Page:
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Ethereum All Core Developers Execution Call #176 Writeup

Ethereum All Core Developers Consensus Call #186 Writeup — Galaxy Research

On December 7, Ethereum developers gathered over Zoom for All Core Developers Execution (ACDE) Call #176. Chaired by the Ethereum Foundation’s Protocol Support Lead Tim Beiko, the ACDE calls are a bi-weekly meeting series where developers discuss and coordinate changes to the execution layer (EL) of Ethereum. This week, developers discussed ongoing testing efforts for the Cancun/Deneb upgrade on Devnet #12. They agreed to coordinate an activation date for the upgrade on the Ethereum Goerli test network after the holidays in early January. Additionally, they agreed to begin discussions in early January on what code changes should be included in the next Ethereum upgrade, Prague/Electra.

Devnet #12 Updates

Testing for the Cancun/Deneb upgrade is well underway on Devnet #12. Parithosh Jayanthi, a DevOps Engineer at the Foundation, said that bugs have been discovered in two clients, Reth and Lighthouse, so far. Both client teams are in the process of patching. The DevOps team is focusing more testing efforts on the MEV workflow by activating MEV-Boost software across more validators on Devnet #12. Jayanthi said that his team has found at least one bug in the Flashbots’ MEV relay implementation. Danny Ryan, an Ethereum Foundation researcher, stressed that additional tests will be needed to check the fallback mechanisms for validators to local block building in the event of relay failures.

Moving on to client team specific upgrades, Terence Tsao, a developer for the Prysm client, said that his team is working on the revamped design for blob propagation discussed on ACDC #122. Tsao affirmed that the Prysm client will be ready to join Devnet #12 for testing next week, potentially the week after next. Justin Florentine, a developer for the Besu client, said that Besu is ready to move on from Devnet #12. Representatives from the Nethermind, Erigon, Lodestar, and Teku client teams echoed the same readiness to move ahead to testing the upgrade on public Ethereum testnets.

Based on client readiness, Beiko recommended coordinating a hard fork date as soon as developers return from the holiday break. Assuming no major bugs are discovered in clients on Devnet #12 in the coming weeks after the addition of the Prysm client, Beiko said Cancun/Deneb activation on Goerli could tentatively happen some time by mid-January. Ben Edgington from the Teku team asked developers whether they were confident about the change to target blob count per block from two blobs to three. Ryan suggested additional testing for the increased blob target on a large-scale shadow fork and during Cancun/Deneb activation on Goerli. Beiko affirmed that upgrade activation on Goerli would be “the last significant test” for the three blob per block target. Assuming no issues are discovered, developers will move ahead with the increased blob count for mainnet activation.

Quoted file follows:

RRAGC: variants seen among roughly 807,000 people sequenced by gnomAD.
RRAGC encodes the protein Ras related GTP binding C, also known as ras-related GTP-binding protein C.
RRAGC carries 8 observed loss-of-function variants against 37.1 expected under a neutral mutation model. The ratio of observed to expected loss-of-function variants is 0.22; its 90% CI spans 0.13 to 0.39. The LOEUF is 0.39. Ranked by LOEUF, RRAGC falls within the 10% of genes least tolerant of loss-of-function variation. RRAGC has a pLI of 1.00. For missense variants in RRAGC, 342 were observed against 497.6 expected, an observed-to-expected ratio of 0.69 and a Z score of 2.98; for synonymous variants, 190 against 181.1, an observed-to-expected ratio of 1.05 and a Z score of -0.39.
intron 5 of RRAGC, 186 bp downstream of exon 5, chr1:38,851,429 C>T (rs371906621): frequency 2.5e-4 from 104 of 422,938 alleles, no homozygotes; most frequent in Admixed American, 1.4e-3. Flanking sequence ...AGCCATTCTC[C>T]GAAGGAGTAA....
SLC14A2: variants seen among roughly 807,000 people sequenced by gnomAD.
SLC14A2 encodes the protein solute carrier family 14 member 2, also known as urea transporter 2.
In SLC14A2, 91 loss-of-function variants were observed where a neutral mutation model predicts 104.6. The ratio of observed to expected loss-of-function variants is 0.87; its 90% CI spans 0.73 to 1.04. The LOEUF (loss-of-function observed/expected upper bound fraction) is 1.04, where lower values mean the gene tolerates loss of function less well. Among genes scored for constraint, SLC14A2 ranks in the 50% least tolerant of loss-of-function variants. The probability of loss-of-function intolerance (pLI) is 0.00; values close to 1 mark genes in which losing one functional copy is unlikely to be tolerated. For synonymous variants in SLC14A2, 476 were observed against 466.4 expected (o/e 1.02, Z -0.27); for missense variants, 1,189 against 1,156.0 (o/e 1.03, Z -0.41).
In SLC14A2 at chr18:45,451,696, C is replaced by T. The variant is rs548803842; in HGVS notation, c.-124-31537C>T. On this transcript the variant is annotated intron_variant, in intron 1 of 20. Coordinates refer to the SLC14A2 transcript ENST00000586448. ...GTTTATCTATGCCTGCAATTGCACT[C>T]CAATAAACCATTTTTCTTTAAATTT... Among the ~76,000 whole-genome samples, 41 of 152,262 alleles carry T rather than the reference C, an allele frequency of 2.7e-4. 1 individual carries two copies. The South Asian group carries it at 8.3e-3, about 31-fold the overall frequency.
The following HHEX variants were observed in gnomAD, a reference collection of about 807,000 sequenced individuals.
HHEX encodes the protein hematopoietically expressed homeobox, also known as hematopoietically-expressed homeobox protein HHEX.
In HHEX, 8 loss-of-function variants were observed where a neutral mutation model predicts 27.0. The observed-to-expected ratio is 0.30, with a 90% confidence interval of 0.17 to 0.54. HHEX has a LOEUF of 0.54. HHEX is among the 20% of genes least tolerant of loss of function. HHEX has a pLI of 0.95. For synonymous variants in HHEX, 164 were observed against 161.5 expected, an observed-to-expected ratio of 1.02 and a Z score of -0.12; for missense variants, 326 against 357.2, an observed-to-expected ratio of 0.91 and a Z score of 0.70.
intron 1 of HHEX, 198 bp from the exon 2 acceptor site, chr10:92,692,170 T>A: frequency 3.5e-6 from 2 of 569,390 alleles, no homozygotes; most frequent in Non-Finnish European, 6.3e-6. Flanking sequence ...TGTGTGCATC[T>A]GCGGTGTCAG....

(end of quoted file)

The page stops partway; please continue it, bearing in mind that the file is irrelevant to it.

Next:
In summary, Beiko said that developers will continue to test the upgrade on Devnet #12 between now and the end of the holiday season. The DevOps team will launch at least one shadow fork of Goerli before the end of December in preparation for the real hard fork on Goerli some time in January. Once developers have reconvened in the new year, they will discuss a date for Goerli hard fork activation.

Builder Override Flag

Then, Tsao asked the status of client teams on their implementation of the builder override flag. The builder override flag is a new Boolean field in the Cancun upgrade that execution layer clients can use to indicate to consensus layer clients that validators should fall back on local block production instead of a third-party builder due to the detection of censoring activity by builders. As highlighted by Tsao, the implementation details for how to detect censoring activity by builders is subjective and intentionally left up to client teams to design. For more information on the builder override flag, refer to prior call notes here and here.